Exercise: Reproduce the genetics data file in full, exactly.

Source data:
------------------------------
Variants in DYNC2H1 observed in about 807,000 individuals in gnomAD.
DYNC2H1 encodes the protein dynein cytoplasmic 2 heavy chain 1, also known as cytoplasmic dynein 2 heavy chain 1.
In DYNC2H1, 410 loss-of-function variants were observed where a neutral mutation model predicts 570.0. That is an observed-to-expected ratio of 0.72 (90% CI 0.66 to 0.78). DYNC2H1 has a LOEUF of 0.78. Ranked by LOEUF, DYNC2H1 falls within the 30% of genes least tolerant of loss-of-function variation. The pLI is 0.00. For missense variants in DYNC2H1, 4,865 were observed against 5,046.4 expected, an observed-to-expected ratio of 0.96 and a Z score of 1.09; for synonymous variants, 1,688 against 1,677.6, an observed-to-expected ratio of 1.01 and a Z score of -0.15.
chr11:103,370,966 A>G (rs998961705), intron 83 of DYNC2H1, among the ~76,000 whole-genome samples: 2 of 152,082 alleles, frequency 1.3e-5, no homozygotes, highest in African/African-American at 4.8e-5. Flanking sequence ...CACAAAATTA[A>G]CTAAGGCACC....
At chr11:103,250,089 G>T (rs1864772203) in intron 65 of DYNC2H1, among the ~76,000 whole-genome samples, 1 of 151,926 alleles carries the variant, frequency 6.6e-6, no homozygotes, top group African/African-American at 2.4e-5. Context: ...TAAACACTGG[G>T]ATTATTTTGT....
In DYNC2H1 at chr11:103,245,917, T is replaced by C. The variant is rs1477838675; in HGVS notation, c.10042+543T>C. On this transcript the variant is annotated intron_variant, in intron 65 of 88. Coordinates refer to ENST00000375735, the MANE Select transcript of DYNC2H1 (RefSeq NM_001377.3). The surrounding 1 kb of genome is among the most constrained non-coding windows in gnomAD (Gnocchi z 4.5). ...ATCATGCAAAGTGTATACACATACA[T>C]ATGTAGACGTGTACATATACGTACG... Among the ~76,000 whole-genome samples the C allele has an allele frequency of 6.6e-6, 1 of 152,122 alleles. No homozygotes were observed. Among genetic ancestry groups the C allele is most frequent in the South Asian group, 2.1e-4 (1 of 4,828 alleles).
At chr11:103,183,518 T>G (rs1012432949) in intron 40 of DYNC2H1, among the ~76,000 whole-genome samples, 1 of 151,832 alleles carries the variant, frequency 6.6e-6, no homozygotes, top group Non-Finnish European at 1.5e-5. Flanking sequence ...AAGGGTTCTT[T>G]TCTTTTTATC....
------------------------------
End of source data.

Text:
Variants in DYNC2H1 observed in about 807,000 individuals in gnomAD.
DYNC2H1 encodes the protein dynein cytoplasmic 2 heavy chain 1, also known as cytoplasmic dynein 2 heavy chain 1.
In DYNC2H1, 410 loss-of-function variants were observed where a neutral mutation model predicts 570.0. That is an observed-to-expected ratio of 0.72 (90% CI 0.66 to 0.78). DYNC2H1 has a LOEUF of 0.78. Ranked by LOEUF, DYNC2H1 falls within the 30% of genes least tolerant of loss-of-function variation. The pLI is 0.00. For missense variants in DYNC2H1, 4,865 were observed against 5,046.4 expected, an observed-to-expected ratio of 0.96 and a Z score of 1.09; for synonymous variants, 1,688 against 1,677.6, an observed-to-expected ratio of 1.01 and a Z score of -0.15.
chr11:103,370,966 A>G (rs998961705), intron 83 of DYNC2H1, among the ~76,000 whole-genome samples: 2 of 152,082 alleles, frequency 1.3e-5, no homozygotes, highest in African/African-American at 4.8e-5. Flanking sequence ...CACAAAATTA[A>G]CTAAGGCACC....
At chr11:103,250,089 G>T (rs1864772203) in intron 65 of DYNC2H1, among the ~76,000 whole-genome samples, 1 of 151,926 alleles carries the variant, frequency 6.6e-6, no homozygotes, top group African/African-American at 2.4e-5. Context: ...TAAACACTGG[G>T]ATTATTTTGT....
In DYNC2H1 at chr11:103,245,917, T is replaced by C. The variant is rs1477838675; in HGVS notation, c.10042+543T>C. On this transcript the variant is annotated intron_variant, in intron 65 of 88. Coordinates refer to ENST00000375735, the MANE Select transcript of DYNC2H1 (RefSeq NM_001377.3). The surrounding 1 kb of genome is among the most constrained non-coding windows in gnomAD (Gnocchi z 4.5). ...ATCATGCAAAGTGTATACACATACA[T>C]ATGTAGACGTGTACATATACGTACG... Among the ~76,000 whole-genome samples the C allele has an allele frequency of 6.6e-6, 1 of 152,122 alleles. No homozygotes were observed. Among genetic ancestry groups the C allele is most frequent in the South Asian group, 2.1e-4 (1 of 4,828 alleles).
At chr11:103,183,518 T>G (rs1012432949) in intron 40 of DYNC2H1, among the ~76,000 whole-genome samples, 1 of 151,832 alleles carries the variant, frequency 6.6e-6, no homozygotes, top group Non-Finnish European at 1.5e-5. Flanking sequence ...AAGGGTTCTT[T>G]TCTTTTTATC....